Little change in Nova Scotia’s child poverty rate since pledge to eliminate

November 26, 2013

Halifax—In 2011, there were still 29,000 children living in poverty in Nova Scotia, twenty-two years after the House of Commons pledged to eliminate poverty for children in Canada by the year 2000. This represents 17.3% of all children and is the fifth highest rate in Canada. Indeed, the province has made very little progress towards reducing child poverty compared to 1989 when 18.0% of Nova Scotian children were living in low-income families.

Lesley Frank, author of the 2013 Report Card on Child and Family Poverty in Nova Scotia, says of her experience writing these reports for 10 years, "I have to admit that I have grown weary with the task. When you do something for ten years that was first motivated by a passionate concern for social justice, and no justice comes, it is hard to keep going sometimes. But then I think, I have groceries in the fridge, a job (at least for now), my kids are not hungry at school, they will have winter coats and my income allows for opportunities. So I write this report card another year for my Nova Scotia neighbors who may go without food to heat their homes this winter in the hope that someone is listening."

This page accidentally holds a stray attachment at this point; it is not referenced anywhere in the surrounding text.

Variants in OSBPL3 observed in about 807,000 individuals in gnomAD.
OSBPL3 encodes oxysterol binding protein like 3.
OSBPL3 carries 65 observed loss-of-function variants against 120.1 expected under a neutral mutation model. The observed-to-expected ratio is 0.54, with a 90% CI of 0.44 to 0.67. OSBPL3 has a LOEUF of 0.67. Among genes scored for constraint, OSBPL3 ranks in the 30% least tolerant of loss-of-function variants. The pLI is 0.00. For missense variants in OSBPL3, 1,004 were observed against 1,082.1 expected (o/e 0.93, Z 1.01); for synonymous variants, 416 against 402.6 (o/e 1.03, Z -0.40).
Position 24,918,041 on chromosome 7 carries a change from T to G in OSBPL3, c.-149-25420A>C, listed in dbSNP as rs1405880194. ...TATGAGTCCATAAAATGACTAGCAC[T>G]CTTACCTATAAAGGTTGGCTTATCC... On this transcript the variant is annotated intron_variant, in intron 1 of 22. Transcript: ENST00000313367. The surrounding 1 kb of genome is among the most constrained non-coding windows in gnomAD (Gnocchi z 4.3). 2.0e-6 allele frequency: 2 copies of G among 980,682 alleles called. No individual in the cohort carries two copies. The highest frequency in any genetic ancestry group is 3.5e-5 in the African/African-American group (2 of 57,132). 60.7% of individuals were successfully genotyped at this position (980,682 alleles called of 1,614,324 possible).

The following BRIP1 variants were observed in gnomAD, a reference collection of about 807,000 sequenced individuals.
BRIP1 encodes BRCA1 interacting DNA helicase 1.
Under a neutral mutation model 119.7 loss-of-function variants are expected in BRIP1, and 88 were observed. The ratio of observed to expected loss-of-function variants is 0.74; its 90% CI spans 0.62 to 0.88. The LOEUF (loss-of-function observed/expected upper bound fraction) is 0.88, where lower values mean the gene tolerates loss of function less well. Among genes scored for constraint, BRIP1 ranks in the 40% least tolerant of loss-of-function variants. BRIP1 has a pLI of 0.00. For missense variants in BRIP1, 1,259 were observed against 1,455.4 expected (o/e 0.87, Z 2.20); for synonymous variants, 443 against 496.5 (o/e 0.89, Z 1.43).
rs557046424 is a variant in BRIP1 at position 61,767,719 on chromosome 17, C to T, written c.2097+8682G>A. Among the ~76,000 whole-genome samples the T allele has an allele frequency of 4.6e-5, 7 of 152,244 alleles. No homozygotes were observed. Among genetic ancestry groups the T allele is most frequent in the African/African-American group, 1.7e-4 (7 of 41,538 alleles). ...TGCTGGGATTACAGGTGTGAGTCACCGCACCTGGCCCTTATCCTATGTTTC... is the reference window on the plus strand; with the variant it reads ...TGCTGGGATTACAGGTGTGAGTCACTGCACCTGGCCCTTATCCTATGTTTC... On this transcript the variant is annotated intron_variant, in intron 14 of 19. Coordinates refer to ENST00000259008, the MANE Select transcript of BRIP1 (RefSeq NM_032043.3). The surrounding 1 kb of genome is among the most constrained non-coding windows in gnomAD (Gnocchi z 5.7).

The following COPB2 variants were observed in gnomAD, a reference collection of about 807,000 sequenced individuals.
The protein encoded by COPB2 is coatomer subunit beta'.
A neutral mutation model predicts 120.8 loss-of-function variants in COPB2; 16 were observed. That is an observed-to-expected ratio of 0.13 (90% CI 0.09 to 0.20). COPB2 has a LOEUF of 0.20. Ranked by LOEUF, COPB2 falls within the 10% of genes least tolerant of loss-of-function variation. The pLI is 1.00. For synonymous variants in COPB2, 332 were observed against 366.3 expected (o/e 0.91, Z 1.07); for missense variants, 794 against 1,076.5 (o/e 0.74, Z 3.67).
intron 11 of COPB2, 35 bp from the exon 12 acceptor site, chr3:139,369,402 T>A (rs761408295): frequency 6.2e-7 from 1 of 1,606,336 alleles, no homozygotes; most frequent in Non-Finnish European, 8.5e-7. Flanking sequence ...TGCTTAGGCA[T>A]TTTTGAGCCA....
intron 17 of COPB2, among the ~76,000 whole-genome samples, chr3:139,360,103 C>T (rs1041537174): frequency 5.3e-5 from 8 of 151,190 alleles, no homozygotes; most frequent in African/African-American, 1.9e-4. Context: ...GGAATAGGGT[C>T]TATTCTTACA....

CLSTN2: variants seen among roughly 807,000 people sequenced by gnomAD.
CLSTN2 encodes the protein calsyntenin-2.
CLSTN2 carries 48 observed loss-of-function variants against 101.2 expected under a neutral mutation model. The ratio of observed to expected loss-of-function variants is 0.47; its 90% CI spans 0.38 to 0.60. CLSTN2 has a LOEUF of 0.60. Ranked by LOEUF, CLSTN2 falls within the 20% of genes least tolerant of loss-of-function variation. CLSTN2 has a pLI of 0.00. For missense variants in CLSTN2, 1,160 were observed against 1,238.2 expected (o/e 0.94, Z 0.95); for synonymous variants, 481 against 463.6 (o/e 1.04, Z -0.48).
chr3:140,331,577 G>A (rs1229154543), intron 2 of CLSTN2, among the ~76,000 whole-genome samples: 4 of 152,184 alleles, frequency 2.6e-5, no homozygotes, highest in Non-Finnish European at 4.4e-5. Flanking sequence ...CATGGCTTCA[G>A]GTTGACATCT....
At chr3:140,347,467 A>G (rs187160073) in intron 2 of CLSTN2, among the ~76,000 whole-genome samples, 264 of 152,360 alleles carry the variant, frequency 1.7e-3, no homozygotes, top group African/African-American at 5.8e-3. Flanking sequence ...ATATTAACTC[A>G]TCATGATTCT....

CCPA-NS Director, Christine Saulnier says of the report, "there continue to be some troubling trends: child poverty rates are still higher for children under six, and for children living in female lone-parent families. The data also reveal that it is increasingly the case that many families with children are not able to rise out of poverty despite securing full time/full year employment."

The report card does show that government income support has prevented some families with children from falling into poverty. However, the data shows that there is much more that can be and must be done.

"Ending family and child poverty is achievable and depends to a large degree on governments’ agendas for poverty reduction and eradication, as well as their broader social and economic public policy priorities," says Stella Lord, volunteer coordinator of the Community Society to End Poverty. 

"Once again the data makes clear that no families who rely primarily on income assistance have enough income to meet their basic needs. Witness the rise of food insecurity. Thirty two percent of Nova Scotian’s relying on food banks are children and Nova Scotia has the highest rate of food insecurity, second only to Nunavut, with close to 1 in 4 children food insecure in 2011."


Download the full report, here: 2013 Report Card on Child and Family Poverty in Nova Scotia.

For more information, or to arrange interviews, contact CCPA-NS Director, Christine Saulnier at (902) 477-1252 or (902) 240-0926 (cell) or via email [email protected]  or contact the author directly, Lesley Frank at Acadia University (902)585-1431 work; (902) 698-3653.

The CCPA-NS is an independent, non-partisan research institute concerned with issues of social and economic justice, as well as environmental sustainability.